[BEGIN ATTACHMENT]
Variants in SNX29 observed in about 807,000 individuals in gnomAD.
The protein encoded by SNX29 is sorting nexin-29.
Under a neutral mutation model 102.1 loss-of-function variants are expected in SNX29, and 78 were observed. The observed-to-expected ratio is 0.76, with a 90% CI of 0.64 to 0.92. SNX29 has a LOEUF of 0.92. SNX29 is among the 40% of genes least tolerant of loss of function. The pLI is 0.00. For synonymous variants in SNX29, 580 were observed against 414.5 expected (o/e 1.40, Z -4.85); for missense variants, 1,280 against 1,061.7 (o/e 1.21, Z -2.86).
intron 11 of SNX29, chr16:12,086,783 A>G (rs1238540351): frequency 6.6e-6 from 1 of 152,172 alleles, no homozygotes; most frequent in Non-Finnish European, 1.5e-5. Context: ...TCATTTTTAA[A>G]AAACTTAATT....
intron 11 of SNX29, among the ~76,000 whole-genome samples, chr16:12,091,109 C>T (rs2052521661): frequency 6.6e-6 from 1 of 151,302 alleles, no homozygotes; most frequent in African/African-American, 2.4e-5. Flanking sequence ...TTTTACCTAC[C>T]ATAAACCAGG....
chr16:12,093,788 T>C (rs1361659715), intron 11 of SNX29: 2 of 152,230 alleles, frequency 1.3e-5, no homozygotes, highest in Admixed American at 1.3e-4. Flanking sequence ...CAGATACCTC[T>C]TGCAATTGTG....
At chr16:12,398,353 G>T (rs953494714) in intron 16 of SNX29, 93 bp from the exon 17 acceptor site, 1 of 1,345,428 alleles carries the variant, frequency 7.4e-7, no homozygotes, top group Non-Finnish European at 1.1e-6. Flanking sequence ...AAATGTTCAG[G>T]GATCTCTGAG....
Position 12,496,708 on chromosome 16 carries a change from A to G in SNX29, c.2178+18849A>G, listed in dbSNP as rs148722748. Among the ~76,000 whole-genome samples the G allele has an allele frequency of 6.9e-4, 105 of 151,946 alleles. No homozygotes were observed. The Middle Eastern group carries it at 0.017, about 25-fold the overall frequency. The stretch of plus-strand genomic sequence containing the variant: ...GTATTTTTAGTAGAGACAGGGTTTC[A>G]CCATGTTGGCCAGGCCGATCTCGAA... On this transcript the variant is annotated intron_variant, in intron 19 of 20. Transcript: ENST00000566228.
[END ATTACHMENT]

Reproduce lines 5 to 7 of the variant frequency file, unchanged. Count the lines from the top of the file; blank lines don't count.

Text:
intron 11 of SNX29, among the ~76,000 whole-genome samples, chr16:12,091,109 C>T (rs2052521661): frequency 6.6e-6 from 1 of 151,302 alleles, no homozygotes; most frequent in African/African-American, 2.4e-5. Flanking sequence ...TTTTACCTAC[C>T]ATAAACCAGG....
chr16:12,093,788 T>C (rs1361659715), intron 11 of SNX29: 2 of 152,230 alleles, frequency 1.3e-5, no homozygotes, highest in Admixed American at 1.3e-4. Flanking sequence ...CAGATACCTC[T>C]TGCAATTGTG....
At chr16:12,398,353 G>T (rs953494714) in intron 16 of SNX29, 93 bp from the exon 17 acceptor site, 1 of 1,345,428 alleles carries the variant, frequency 7.4e-7, no homozygotes, top group Non-Finnish European at 1.1e-6. Flanking sequence ...AAATGTTCAG[G>T]GATCTCTGAG....